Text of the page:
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US Official Examines Human Rights in China's Xinjiang Province


A senior U.S. official has gone to China's Xinjiang Province to examine complaints about human rights abuses there. China has agreed to allow U.N. human rights experts to conduct research in the country. Assistant Secretary of State Lorne Craner left Wednesday for Xinjiang, China's vast northwestern province. In addition to giving a speech to university students. He will talk to officials there about the human rights situation.

Many human rights groups say China abuses individual rights as it tries to assimilate the ethnic Uighur Muslims and crush a separatist movement then.

Tuesday evening, Mr. Craner said the Chinese government promised to invite United Nations investigators to study allegations of torture, arbitrary detention and restraints on religious freedom in the country.

Mr. Craner told reporters in Beijing that China's invitations would be issued immediately and with no conditions attached.

China has in the past agreed to allow a visit by the U.N. investigator on torture. However, Beijing imposed included several conditions, such as not letting him choose which prisons to visit, and barring him from meeting with inmates without supervision.

Mr. Craner says this invitation is different because it is unconditional. He says the move indicates that China appears to be serious about improving its human rights record.

Also Tuesday, Chinese Foreign Ministry spokesman Liu Jianchao said that two days of human rights talks with Mr. Craner's delegation had narrowed differences between the two countries.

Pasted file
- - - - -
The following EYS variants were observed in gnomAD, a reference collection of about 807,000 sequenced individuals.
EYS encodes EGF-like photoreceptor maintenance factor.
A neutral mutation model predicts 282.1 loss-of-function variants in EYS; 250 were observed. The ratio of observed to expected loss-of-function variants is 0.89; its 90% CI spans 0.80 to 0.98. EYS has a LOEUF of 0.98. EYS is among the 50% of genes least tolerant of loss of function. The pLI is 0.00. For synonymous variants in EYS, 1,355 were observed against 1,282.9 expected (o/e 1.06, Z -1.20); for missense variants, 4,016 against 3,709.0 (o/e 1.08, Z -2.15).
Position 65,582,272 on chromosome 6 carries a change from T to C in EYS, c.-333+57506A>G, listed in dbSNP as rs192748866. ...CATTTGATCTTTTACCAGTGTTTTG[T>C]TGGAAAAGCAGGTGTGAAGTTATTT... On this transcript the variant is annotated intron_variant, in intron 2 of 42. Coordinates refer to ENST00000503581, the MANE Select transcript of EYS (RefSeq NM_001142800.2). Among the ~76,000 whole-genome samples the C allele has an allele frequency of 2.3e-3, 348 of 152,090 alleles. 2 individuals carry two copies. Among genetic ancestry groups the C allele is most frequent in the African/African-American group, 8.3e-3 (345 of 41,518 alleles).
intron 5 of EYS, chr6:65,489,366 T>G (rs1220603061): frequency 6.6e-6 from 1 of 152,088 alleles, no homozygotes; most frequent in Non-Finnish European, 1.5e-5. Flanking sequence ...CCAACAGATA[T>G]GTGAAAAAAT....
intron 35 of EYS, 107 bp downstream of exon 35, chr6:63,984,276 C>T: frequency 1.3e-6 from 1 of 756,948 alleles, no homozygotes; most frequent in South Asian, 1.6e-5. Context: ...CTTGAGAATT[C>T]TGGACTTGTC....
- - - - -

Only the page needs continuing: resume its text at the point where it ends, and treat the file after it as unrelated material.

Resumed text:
Mr. Liu says the discussion had enhanced understanding between Beijing and Washington. But he did not mention the invitation to U.N. human rights investigators.

Rights activists have criticized Sino-American human rights talks held in recent years for producing few concrete results. Many activists urge Washington to put more pressure on China to release political prisoners, such as two Tibetans given death sentences recently for their involvement with a series of bombings in western China.

Mr. Craner said Tuesday that his delegation raised the case of the Tibetans. He said he also inquired about Rebiya Kadeer, a Muslim Uighur businesswoman, who is serving a long prison term for sending newspapers to her husband abroad. In the past, China has often later released prisoners the United States has shown an interest in.

Some human rights groups say the United States has turned a blind eye to China's abuses in Xinjiang, in return for Beijing's cooperation in the war on terrorism. A few months ago, Washington placed a Uighur separatist group, accused of carrying out bombings in China, on its list of terror groups.

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